Getting a fair price

The best price isn’t always the cheapest—be sure to factor in the age and condition of each item when assessing the value. You are often better off paying a little more for a model that was expensive the first time around than trying to find the cheapest option. Cheaper models often degrade at a much faster rate, so that by the time you get your hands on it isn’t worth the savings made.

Sites like eBay can be useful tools for checking what the going rate is for specific models: you can tick the box that says ‘Sold items’ and see how much the model you are looking at went for in the past.

Different types of sellers will give you different prices, but also involve different levels of risk. Buying direct from the previous owner will be cheaper but you are more likely to get a duff deal. On the other hand, buying a refurbished phone you will pay a small premium for seller assurances and often some period of warranty.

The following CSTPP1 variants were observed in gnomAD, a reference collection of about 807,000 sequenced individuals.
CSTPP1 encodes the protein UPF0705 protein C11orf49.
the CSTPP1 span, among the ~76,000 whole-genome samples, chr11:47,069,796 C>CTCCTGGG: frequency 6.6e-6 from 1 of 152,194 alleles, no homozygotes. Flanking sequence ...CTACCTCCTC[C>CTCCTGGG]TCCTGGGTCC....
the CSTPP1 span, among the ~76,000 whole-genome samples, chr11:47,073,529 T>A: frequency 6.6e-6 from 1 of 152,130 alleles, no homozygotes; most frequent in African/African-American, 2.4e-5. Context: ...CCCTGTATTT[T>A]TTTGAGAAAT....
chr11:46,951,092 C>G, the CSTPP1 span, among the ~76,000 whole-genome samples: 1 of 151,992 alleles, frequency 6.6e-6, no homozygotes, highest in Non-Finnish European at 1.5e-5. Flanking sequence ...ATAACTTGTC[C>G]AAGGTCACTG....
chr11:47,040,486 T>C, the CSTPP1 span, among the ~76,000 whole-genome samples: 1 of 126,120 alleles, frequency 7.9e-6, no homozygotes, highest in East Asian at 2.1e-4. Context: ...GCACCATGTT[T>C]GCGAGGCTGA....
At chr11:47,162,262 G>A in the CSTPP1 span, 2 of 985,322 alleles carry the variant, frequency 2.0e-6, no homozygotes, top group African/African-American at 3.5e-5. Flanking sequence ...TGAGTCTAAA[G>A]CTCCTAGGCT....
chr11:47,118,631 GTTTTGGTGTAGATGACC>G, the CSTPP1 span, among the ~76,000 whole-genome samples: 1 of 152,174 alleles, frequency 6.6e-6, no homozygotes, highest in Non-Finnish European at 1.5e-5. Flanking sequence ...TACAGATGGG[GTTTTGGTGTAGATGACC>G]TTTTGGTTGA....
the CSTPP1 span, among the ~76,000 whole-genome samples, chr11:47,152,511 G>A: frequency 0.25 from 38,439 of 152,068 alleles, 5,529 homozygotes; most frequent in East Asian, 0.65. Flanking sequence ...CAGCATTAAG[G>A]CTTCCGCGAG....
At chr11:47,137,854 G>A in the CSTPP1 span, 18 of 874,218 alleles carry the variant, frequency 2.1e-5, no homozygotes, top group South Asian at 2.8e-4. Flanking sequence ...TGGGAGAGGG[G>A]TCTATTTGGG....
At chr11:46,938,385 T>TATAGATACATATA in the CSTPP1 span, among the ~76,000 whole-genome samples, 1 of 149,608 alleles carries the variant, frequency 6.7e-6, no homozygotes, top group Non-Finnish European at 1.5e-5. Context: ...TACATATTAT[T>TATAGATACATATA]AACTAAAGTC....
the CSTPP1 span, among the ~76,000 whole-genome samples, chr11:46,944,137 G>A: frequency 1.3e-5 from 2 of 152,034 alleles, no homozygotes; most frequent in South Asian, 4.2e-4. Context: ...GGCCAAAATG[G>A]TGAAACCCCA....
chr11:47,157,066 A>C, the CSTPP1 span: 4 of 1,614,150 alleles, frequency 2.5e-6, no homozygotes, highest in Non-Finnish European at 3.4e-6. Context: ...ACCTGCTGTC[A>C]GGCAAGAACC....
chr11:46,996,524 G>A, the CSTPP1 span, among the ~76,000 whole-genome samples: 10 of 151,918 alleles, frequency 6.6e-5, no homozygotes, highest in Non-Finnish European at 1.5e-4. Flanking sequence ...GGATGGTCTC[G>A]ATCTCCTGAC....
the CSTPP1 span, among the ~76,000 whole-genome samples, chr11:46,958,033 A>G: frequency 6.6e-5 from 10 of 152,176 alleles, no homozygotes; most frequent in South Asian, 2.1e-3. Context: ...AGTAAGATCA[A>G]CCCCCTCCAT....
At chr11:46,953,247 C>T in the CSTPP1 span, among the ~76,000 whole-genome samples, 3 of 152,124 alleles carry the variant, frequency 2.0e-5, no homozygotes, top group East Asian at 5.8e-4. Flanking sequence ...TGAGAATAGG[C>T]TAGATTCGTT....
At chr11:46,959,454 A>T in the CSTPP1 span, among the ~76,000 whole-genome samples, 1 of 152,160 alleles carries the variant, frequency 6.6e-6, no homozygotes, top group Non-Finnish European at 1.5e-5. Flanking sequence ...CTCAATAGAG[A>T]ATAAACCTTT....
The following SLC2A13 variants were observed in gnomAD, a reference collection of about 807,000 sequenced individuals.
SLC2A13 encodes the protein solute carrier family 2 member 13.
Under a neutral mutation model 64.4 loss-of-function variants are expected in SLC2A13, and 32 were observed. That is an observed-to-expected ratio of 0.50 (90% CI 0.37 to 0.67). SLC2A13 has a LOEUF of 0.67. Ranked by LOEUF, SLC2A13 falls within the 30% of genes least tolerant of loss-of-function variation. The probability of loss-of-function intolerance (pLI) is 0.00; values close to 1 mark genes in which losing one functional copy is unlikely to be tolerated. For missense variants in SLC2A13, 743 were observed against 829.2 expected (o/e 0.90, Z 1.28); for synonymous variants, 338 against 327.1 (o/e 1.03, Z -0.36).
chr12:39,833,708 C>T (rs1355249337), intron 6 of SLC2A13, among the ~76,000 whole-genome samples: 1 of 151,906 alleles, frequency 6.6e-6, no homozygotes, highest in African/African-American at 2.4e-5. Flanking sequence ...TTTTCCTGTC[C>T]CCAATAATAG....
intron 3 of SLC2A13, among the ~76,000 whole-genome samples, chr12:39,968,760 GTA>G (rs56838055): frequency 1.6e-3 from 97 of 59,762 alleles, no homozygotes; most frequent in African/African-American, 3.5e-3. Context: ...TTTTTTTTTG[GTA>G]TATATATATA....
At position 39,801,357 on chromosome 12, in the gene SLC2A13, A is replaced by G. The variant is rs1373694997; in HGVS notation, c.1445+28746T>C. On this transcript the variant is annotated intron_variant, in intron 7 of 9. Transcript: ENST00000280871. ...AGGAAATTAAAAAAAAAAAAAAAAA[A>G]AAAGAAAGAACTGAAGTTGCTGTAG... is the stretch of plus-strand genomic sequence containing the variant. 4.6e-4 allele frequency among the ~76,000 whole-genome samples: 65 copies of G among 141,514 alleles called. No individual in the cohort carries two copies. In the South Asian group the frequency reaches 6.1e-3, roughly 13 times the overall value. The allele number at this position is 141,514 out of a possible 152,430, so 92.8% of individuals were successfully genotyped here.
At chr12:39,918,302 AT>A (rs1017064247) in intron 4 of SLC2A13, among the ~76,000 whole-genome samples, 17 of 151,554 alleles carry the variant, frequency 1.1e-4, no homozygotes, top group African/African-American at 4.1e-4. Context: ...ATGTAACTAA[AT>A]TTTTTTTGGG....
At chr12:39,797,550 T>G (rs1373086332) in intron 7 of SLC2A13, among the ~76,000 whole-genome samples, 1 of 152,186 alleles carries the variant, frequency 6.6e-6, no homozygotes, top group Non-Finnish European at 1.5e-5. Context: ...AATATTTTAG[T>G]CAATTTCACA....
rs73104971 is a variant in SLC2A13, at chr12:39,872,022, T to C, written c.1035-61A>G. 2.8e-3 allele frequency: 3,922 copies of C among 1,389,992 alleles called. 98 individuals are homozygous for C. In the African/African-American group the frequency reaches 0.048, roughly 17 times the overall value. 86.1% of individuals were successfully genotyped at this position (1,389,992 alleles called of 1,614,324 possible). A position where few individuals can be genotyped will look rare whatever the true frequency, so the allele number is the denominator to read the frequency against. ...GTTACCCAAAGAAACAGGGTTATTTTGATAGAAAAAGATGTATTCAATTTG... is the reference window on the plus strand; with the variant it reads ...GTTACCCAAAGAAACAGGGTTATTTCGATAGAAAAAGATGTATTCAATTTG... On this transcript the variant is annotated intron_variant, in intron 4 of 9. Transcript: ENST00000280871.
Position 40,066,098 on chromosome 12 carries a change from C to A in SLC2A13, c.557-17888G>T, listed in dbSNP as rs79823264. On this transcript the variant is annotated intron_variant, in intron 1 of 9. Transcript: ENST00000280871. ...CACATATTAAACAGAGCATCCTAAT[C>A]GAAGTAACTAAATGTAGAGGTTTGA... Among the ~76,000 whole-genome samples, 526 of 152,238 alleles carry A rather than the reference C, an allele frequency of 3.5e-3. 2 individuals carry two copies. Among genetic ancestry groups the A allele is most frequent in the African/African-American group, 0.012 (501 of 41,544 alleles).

Used or refurbished?

Used items are typically sold by the previous owner, and as have not not have been tested repaired prior to sale, so the condition can vary a great deal. You will tend to find the cheapest deals on used items, but this carries a greater risk of ending up with a faulty or damaged product.

For greater reliability, look for items that have been refurbished, either by the manufacturer or seller. A refurbished device is one that may previously have been faulty, but that has been serviced and restored to full working order and should work exactly the same as new. Refurbished devices also tend to come with a warranty, so even if you do receive a faulty unit you should get a replacement.